For one, reading the bible and thinking about it and having it work on my heart. When I read Genesis for the first time I thought, “This makes a lot of sense. There is something wrong with our world. There is something in me that craves something better. Where does that craving come from?” So there was a practical level to the Bible but it was also something that I could never have made it up in a million years. Like Dorothy Sayers says, “It is so bizarre as to be true.” And, reading it felt true.
I also began to realize that there is a great, tremendous intellectual history to Christianity, that these people aren’t crazy. Bonhoeffer and church fathers are intelligent people who have their heads on and they actually believe this. In realizing this I mourned, ‘Nobody ever told me this.’ There was also this grief that these dots had not been connected for me or at least been given to me in an unbiased way.
As I began to meet more Christians and realizing their intellectual rigor, I also saw how other Christians acted and treated people. The Christians I met who really walked their talk. At first, that irked me because I didn’t really think that they could be for real, so I was trying to poke them apart. In many ways they were living out the Gospel. I just didn’t know what that was yet. It wasn’t like they were these cheesy people either or unbelievably good. They were funny and down to earth and made mistakes, too, but I saw this difference. Christians would have me to their home for dinner or open their place for me to be restored. There was a gentleness and servitude and this intuitiveness and there were also many ways in which they engaged me.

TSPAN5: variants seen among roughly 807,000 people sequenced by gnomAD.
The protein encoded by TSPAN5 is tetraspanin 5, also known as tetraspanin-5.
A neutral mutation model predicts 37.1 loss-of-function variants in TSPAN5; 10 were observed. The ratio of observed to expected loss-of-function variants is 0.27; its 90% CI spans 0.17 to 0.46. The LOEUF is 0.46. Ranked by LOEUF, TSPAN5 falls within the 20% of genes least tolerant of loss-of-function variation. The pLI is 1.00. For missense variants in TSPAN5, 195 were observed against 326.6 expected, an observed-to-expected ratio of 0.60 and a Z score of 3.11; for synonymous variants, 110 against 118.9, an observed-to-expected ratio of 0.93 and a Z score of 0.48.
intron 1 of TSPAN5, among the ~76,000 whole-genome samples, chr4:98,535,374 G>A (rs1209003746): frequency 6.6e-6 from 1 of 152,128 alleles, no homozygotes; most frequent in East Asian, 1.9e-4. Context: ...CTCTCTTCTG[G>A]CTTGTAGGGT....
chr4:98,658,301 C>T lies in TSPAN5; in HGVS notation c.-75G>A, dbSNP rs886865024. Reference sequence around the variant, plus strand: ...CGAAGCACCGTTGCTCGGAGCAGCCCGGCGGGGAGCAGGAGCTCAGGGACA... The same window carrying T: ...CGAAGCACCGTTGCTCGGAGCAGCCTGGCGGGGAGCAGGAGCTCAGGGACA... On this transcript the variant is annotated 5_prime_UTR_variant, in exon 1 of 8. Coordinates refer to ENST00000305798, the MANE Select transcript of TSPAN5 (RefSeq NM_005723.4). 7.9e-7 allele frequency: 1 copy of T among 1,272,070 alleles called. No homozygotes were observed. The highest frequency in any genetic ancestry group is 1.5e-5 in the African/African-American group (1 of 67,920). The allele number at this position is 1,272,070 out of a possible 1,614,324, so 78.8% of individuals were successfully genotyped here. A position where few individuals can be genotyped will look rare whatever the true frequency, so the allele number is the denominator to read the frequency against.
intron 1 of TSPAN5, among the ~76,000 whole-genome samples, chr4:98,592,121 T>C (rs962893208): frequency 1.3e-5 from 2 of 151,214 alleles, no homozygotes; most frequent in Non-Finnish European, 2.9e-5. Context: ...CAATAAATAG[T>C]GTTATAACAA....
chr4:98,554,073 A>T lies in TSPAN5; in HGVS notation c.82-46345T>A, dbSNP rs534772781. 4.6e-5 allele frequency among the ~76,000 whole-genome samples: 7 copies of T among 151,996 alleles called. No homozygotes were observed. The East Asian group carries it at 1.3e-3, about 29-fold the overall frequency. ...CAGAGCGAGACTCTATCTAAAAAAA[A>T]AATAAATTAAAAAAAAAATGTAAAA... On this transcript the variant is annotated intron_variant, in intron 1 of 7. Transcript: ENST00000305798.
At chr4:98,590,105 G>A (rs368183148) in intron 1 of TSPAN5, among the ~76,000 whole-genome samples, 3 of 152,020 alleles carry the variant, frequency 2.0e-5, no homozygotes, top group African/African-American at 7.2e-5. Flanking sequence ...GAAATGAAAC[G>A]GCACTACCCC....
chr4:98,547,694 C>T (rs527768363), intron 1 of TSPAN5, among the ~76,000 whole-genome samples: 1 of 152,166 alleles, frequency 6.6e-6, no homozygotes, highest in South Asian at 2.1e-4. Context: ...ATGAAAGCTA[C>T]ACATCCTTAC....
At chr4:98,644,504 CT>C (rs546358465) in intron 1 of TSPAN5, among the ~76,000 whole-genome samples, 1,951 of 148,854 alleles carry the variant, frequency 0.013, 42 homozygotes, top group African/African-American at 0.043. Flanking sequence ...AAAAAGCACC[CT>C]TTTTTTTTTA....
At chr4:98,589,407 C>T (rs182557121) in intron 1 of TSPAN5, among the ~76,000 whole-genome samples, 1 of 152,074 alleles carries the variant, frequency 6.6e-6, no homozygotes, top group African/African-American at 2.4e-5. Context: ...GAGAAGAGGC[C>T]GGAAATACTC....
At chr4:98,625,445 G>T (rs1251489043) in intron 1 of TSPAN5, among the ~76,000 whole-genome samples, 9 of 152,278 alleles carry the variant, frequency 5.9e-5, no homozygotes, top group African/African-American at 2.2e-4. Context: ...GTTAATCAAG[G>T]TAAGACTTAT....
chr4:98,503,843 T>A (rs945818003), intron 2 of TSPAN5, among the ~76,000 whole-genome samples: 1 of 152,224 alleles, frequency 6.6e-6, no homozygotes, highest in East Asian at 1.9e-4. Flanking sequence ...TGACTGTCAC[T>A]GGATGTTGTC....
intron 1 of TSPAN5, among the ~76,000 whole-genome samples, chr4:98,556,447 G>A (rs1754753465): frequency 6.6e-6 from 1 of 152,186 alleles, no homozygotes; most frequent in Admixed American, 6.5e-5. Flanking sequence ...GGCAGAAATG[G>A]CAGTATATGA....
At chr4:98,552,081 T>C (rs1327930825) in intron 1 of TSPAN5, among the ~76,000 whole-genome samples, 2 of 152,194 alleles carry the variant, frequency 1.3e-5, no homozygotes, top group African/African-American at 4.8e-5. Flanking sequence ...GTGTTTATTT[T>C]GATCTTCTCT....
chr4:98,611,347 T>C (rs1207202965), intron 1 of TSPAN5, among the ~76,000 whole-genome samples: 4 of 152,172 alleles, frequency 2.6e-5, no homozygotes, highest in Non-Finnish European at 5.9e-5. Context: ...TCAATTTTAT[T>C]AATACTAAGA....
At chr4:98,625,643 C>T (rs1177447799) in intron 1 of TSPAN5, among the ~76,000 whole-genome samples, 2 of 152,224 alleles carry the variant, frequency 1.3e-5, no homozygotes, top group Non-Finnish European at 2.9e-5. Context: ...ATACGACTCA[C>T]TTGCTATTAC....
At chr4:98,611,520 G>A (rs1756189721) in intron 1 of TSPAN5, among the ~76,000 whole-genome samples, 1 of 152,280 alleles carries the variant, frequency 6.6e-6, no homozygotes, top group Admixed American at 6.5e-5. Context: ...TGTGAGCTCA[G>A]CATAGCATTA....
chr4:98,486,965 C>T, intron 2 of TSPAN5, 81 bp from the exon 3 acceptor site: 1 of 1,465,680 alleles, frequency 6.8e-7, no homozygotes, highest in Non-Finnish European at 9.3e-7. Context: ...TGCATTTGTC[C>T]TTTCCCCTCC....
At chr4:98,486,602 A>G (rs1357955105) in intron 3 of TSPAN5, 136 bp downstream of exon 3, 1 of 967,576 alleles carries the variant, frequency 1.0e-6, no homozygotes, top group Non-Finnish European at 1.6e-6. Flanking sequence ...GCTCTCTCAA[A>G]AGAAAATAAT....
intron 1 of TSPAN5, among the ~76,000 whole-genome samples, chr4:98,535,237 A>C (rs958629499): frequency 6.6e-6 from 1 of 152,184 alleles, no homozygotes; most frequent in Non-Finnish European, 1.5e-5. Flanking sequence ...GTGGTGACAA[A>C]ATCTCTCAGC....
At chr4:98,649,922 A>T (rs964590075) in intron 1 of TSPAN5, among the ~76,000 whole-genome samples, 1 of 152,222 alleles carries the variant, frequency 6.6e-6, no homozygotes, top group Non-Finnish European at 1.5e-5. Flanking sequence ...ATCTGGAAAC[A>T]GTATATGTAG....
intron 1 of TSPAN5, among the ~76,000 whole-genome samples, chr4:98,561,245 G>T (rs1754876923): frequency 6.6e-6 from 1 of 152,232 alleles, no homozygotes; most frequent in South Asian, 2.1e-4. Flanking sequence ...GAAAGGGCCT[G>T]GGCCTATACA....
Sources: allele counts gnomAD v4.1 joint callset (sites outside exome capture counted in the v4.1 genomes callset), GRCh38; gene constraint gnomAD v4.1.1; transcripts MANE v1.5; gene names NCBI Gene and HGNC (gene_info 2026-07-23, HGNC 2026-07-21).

With All Your Heart, Soul, Strength… and Mind
Along with seeing Christians and Christianity anew, Carolyn began to recognize devastating contradictions and meaninglessness within atheism which she couldn’t reconcile.
I began to then realize that the option of atheism held nothing. It was meaningless. At least it wasn’t a fair game. It wasn’t fair play…You [atheists] want me to have what you have and I don’t want it. Really, what is your answer to me instead of this, that there’s no meaning and everything is meaningless and there’s actually no absolute truth and that itself is an absolute truth that you are trying to put forward. All of that began to disintegrate. It just didn’t hold any water.
Carolyn’s tipping point towards God came through a process of reading stories of other intellectuals who also made the journey from atheism to Christianity, helping her see its embodied viability. Reading the bible, she found nowhere to hide from what she was realizing was the truth. Finally, she reached a moment when she ‘believed that she needed to believe’ and welcomed the grace that awaited her.